"It's surprising how many people are not okay with the lesbian marriage thing. Get it together America, they are doing nothing to you! They're just raising two sexy bitch daughters in addition to being happy with one another."
If Simple Life fans are used to seeing Hilton and ex-best-friend Nicole Richie wreak domestic havoc in the lives and kitchens of American families on their long-running and incomprehensibly popular reality show, they might wonder about the lesbian wedding episode that aired last week on E!
In this episode ("The Bowden Family") a lesbian couple with two teenaged daughters leave the clueless rich girls a list of household chores, and oh yeah, ask them to explain the facts of life to the kids while they're out.
But instead of breaking all the appliances and scarring the kids for life, Paris and Nicole decide to try something completely different.
In an effort to avoid doing the laundry, Nicole and Paris interrogate the girls and learn that the two moms are living in, well, sin. They decide it would be a lot more fun to throw a wedding–make that two competing weddings–than cleaning the refrigerator. And while there's plenty of “Oh my God, can you believe the tacky dresses at this wedding store?” shtick to go around, most of the snark is directed at homophobes both near (fundamentalist neighbor who refuses to go to the wedding because “I believe in God”) and far (the table reserved for George W. Bush, invited by Richie, goes unclaimed all night).
Paris also takes the lesbians for that little something every bride-to-be needs along with all the old, new, borrowed, and blue: Micro-dermabrasion. But not before Paris herself gets some tough love from the dermatology specialists about the effects of sun damage on her own skin. Brown spots, they assure her, are her future, if she doesn't change her wicked sun-worshiping ways. Paris hides under a parasol and swears to invest heavily in sunscreen from that point on. And, somewhat incidentally, the brides get their pores sanded for the big occasion.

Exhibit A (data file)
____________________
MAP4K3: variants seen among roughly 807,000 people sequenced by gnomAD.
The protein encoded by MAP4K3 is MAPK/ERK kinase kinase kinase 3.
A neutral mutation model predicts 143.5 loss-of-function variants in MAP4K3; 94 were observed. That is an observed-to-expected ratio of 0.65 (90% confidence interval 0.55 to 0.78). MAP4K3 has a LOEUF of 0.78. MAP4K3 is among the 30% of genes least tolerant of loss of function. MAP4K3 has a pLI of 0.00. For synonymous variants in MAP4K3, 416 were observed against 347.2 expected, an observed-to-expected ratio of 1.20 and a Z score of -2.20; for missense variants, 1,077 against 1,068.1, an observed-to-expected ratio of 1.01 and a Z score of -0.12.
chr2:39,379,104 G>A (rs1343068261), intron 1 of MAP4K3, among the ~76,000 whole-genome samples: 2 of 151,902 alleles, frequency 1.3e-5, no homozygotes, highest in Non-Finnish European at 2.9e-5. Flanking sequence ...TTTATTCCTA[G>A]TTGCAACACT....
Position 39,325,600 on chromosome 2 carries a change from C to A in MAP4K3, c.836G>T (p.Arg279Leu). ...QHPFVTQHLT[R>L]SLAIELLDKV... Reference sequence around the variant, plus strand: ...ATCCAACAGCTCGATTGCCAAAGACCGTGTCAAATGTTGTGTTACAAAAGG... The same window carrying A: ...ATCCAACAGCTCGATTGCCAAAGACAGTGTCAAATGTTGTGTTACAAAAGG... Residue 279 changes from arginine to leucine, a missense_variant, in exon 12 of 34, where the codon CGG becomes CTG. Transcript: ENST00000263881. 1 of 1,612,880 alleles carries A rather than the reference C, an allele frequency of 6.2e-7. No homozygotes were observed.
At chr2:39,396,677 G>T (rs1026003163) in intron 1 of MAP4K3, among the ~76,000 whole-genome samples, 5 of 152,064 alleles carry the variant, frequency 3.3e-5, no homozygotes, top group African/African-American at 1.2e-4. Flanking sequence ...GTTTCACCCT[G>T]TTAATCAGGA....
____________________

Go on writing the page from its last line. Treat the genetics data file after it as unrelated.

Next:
Meanwhile back in the suburbs, Nicole is bonding with the daughters, trying to assemble a guest list and find a location for the wedding. She asks the girls for the names of their moms' friends. They seem perplexed, until one of them answers, “They do have two lesbian friends. But I don't know their names.” The girls also feel that their moms would most like to be married in a pool hall, but Nicole's efforts to find one aren't very rewarding. Most of the pool halls she calls aren't really interested in being the site of a lesbian wedding.
The brides select two different sets of wedding outfits, one set of butch tuxes over camisoles, the other, traditional white gowns. Both have in common what may be the theme of this wedding: Cleavage.
Fortunately, Nicole managed to find a wedding site, what appeared to be a dyke bar complete with pool tables and butch biker chicks creating a pool cue tunnel for the couple to walk under, a gospel choir, and a newly ordained Nicole conducting the ceremony. (The Universal Life Church minister who ordains her also solemnly instructs that same sex marriages aren't legal in California and Richie must therefore must refer to the union as a “commitment ceremony.” Nicole is less than impressed by this information and stubbornly continues to call it a wedding.)
At the ceremony, the brides wear traditional white dresses and read odes to each other's favorite body part in their vows. What could have been painful is actually funny and touching, mostly because the brides have the look of love in their eyes the whole time. And Nicole seems genuinely moved.
Paris's wedding is more traditional, held under a white tent with roses, a caterer, a big old bride-to-bride kiss, and a mariachi band. The brides even ride in on white horses. There are tears, and cheers, when the lesbian minister marrying the two women at Hilton's white wedding says she is marrying them “by the power vested in me by God and what I believe will in the future be the laws of this country.”
But the best moment of the night is when a fundamentalist neighbor refuses an in-person invitation by Nicole and the girls to attend the ceremony due to her belief in a deity who wouldn't approve. When invited, she and her family burst into fits of mocking laughter. One of the couple's teenaged daughters fixes them with the evil eye and snaps, “And how exactly is that funny?”
While Hilton may be self-centered–trying on all the slinky wedding dresses herself despite the fact that they're as suited to the much older and less-svelte couple as their suburban lifestyle would be to Hilton–she throws one hell of a lesbian wedding.